Last year I attended a 10th Anniversary screening of 'Memento' followed by a panel discussion including stars Guy Pearce and Joe Pantoliano and writer Jonathan Nolan, and it was both one of the highlights of the festival and of my entire year.  So this year I made sure to be in the front row of this screening of the Academy Award winning film 'A Beautiful Mind', which won Best Picture, Best Director for Howard, Best Actress for Jennifer Connelly, and Best Adapted Screenplay for Goldsman.  The film is tremendous.  If you haven't seen it you definitely should.  Just like 'Memento', it holds up really well and reminded me what a solid A film is.  But alas the panel (see my picture below) wasn't quite as interesting as last year.  I really came to see Howard and Grazer, who have been responsible for so many great films like 'Splash', 'Night Shift', 'Parenthood', 'Backdraft', 'Apollo 13', 'Cinderella Man', and 'The DaVinci Code'.  These guys are arguably the best in the business and I could listen to them talk all day.  Sadly, Grazer didn't get much time at all and even Howard probably didn't get more than 15 minutes.  TriBeCa powers-that-be, next year may I recommend leaving out the technical scholars and focusing on the filmmaking?  Oh, and as for my prediction for next year's 10th Anniversary screening, my money's on 'About a Boy' which opened the maiden TriBeCa Film festival in the Spring of 2002.  And that would be fun, if Hugh Grant made an appearance.  But may I also recommend 'Gangs of New York' which isn't the best movie of 2002, but a Q&A with Scorsese and Daniel Day-Lewis would be great fun.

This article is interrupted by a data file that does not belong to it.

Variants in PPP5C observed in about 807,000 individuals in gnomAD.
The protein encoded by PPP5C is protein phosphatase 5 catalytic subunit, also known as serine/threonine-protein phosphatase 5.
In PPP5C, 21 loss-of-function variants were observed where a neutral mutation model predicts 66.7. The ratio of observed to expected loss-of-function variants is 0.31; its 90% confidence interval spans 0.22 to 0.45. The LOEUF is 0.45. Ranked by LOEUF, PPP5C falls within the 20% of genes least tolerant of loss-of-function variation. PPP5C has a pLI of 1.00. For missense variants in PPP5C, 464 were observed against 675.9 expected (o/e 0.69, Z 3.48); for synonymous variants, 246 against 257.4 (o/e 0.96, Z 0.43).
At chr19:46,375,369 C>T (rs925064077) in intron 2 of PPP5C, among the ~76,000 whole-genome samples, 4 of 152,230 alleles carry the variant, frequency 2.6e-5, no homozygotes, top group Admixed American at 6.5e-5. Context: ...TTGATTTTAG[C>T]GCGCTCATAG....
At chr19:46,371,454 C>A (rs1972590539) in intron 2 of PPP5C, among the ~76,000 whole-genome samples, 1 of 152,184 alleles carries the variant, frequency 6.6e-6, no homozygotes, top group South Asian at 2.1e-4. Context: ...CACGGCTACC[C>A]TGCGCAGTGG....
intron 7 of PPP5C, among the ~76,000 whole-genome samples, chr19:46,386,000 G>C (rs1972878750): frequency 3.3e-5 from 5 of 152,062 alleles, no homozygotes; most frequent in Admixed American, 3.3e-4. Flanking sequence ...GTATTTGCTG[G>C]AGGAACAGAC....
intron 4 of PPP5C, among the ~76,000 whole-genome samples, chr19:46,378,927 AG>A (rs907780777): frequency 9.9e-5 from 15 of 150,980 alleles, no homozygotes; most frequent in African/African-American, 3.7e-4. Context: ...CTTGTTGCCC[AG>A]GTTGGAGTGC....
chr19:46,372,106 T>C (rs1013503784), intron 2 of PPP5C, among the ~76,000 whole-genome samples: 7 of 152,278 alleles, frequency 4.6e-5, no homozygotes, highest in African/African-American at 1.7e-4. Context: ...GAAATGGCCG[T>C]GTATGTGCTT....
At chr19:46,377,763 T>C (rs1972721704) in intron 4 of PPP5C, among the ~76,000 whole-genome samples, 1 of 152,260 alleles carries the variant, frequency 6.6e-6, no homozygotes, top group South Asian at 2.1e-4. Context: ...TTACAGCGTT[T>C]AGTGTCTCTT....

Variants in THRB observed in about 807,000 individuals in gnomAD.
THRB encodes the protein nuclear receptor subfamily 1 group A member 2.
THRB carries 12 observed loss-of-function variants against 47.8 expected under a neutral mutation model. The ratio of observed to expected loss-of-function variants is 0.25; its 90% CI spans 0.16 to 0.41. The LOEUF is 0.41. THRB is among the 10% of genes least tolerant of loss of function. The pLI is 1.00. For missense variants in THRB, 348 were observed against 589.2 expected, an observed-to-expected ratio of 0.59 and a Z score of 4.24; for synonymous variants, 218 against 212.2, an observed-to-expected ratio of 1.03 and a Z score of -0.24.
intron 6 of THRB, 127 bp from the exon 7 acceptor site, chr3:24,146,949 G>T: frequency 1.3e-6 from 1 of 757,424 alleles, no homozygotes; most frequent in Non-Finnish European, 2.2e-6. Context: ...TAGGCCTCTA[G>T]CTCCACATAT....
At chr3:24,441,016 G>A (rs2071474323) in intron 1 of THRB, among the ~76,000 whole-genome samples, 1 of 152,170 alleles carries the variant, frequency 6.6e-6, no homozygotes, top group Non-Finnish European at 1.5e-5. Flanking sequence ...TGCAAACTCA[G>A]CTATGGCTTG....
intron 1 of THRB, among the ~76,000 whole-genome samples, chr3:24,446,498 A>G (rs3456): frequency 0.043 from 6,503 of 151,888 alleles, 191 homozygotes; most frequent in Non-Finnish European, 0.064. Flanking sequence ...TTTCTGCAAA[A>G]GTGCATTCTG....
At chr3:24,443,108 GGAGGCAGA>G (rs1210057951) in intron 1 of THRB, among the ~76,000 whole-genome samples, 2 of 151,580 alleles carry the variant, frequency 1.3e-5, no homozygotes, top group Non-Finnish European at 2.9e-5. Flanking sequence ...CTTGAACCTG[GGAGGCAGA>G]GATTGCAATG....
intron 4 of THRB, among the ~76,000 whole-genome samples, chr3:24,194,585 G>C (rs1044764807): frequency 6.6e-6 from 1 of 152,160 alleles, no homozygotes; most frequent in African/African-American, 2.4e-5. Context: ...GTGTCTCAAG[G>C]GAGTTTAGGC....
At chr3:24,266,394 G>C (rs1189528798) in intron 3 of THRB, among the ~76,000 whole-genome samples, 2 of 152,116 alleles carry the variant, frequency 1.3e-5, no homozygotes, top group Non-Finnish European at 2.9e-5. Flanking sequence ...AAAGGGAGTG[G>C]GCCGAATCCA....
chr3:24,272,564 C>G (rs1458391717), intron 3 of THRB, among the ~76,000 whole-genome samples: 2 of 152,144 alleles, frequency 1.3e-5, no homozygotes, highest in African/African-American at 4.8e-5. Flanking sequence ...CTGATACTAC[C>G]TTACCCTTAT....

Let the Bullets Fly - Grade: B-
Two Fridays in a row I saw a Chinese action film at 3:00 PM.  (See my review of Detective Dee and the Phantom Flame from Part 1.)  And both times I was overwhelmed by the fast paced subtitles, and large amounts of action and exposition.  OK, maybe I'm slow.  Or maybe 3:00 on Fridays just isn't my sweet spot.  But I think I should see both of these films again to give them a proper review.  But I can say they're both visually interesting and have a lot going on.  I'm just not sure if there's enough substance to match the style.

A Good Old Fashioned Orgy - Grade: C+
I know what you're thinking.  Is this really about an orgy?  Yup.  Jason Sudeikis from Saturday Night Live (see my picture below) heads the cast in this R-rated comedy about a bunch of immature thirty somethings who don't want to grow up and just want to throw kick-ass parties in Sudeikis' dad's house.  But when dad, played by Don Johnson, decides to sell the house, they decide to send it off in style ... and have an orgy.  In the hands of the best writers and cast, this could have been a classic comedy.  Intended to be a funnier, sexier 'Big Chill', it doesn't even come close.  But it's enjoyable enough for what it is.

Bleeding House - Grade:  C-
Midnight films kill me at film festivals.  I always aspire to see many of them, since I like genre films, and the descriptions often sound appealing, and the experiences with the crowd and the Q&A's are often quite memorable (especially in Toronto.)  But as I get older it gets harder and harder to make it until 2:00 AM especially after seeing three or four films already that day.  Honestly, I didn't make it through this one.  At 12:45 AM I wasn't feeling it enough to tough it out, so I left.  And I never do that.  So my grade is only based on the first half of this gory horror slasher.  But something tells me the second half wouldn't have redeemed what I already saw.

And that wraps it up.  I hope you enjoyed reading about what I saw a fraction as much as I enjoyed experiencing it.  Now I'm going to sleep.  Hard.  I'm exhausted.  I am ready for it to be over, but in about a week or two I'll miss it and wish April 2012 were right around the corner.